Organising your data

You should organise your data files into a sensible hierarchy of folders:

  • At the top level, use folders that reflect your protocols for the data; for example, who can access them, or whether the files should be read-only or periodically deleted.
  • Below that, use folders that reflect how you would search for data; for example, by task, run number or data type.

You should name your files according to an agreed and documented convention. It could include codes that refer to the date of creation, run or sample number, data type, person responsible, or version. If you include a date, use the ISO 8601 format: 2009-12-31.

Documenting your data

You need to document your data properly, otherwise neither you nor anyone else will be able to understand them in future.

You should start by finding out what information you will be expected to provide at the end of the research process:

  • Your research community may have minimum reporting standards or other metadata standards
  • If you know to what archive you will submit your data, find out what information they will collect from you. For example, the University of Bath Research Data Archive has a minimum metadata standard.

You should then consider what you would want to know, if the data had been collected by someone else and they were explaining them to you.

This information will be most useful if you record it in a structured, standard way such as in a DDI file. If there are no suitable standards for your data, you can write it down in a file called 'README'; be sure to structure this file with appropriate headings to make it easier to navigate.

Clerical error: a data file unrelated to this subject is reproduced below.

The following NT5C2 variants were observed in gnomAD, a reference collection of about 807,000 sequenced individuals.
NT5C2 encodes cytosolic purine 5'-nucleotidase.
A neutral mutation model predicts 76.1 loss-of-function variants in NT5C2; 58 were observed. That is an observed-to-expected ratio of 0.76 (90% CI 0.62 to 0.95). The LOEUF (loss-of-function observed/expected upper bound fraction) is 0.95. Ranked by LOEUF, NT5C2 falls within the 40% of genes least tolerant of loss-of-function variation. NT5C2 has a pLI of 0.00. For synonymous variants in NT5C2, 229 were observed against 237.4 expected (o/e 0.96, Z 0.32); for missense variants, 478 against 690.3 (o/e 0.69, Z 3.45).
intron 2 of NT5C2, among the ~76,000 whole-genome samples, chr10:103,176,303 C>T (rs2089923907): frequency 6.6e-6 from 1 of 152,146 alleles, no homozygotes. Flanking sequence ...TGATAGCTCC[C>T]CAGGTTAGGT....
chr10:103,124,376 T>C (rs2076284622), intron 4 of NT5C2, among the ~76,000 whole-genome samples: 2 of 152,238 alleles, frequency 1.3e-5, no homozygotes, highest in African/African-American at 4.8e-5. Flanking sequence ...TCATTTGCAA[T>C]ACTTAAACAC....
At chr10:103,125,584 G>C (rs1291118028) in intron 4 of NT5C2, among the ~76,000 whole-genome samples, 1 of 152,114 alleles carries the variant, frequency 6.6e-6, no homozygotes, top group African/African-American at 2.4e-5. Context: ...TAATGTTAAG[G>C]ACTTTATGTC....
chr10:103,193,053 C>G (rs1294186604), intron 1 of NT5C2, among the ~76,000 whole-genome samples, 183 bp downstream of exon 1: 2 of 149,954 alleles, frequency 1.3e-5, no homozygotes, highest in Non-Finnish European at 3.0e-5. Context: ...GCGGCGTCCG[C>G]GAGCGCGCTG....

Archiving and sharing data

Writing a data access statement

You must include in your research publications a data access statement that informs readers how to access the underlying data. You can fulfil this requirement by adding a statement similar to the following to your acknowledgements section:

"All data supporting this paper are openly available from the University of Bath data archive at"

It is not sufficient to instruct the reader to contact you for access. Your data should be available from an archive, which will be able to mediate access to the data for you. You should also try to get a DOI or another robust identifier for your dataset; this helps others find your data, and helps you to track the impact of your data.

Getting a DOI for your dataset

There are two main ways of getting a DOI for your dataset, to use in a data access statement.

  1. Submit your dataset to an archive that specialises in your kind of data; for example, if you are funded by the ESRC you should offer your data to the UK Data Service in the first instance.
  2. Upload your dataset to the University of Bath Research Data Archive.

Either way, you need to register your dataset with us, then fill out a record for the Research Data Archive. If you intend to upload your dataset to our archive, we can predict the DOI it will have for you. Otherwise, we will link our record to the archive that holds the dataset; you will need to contact that other archive to find out what the DOI will be.

Complying with requirements

You may find the following resources useful when checking which data management requirements apply to you: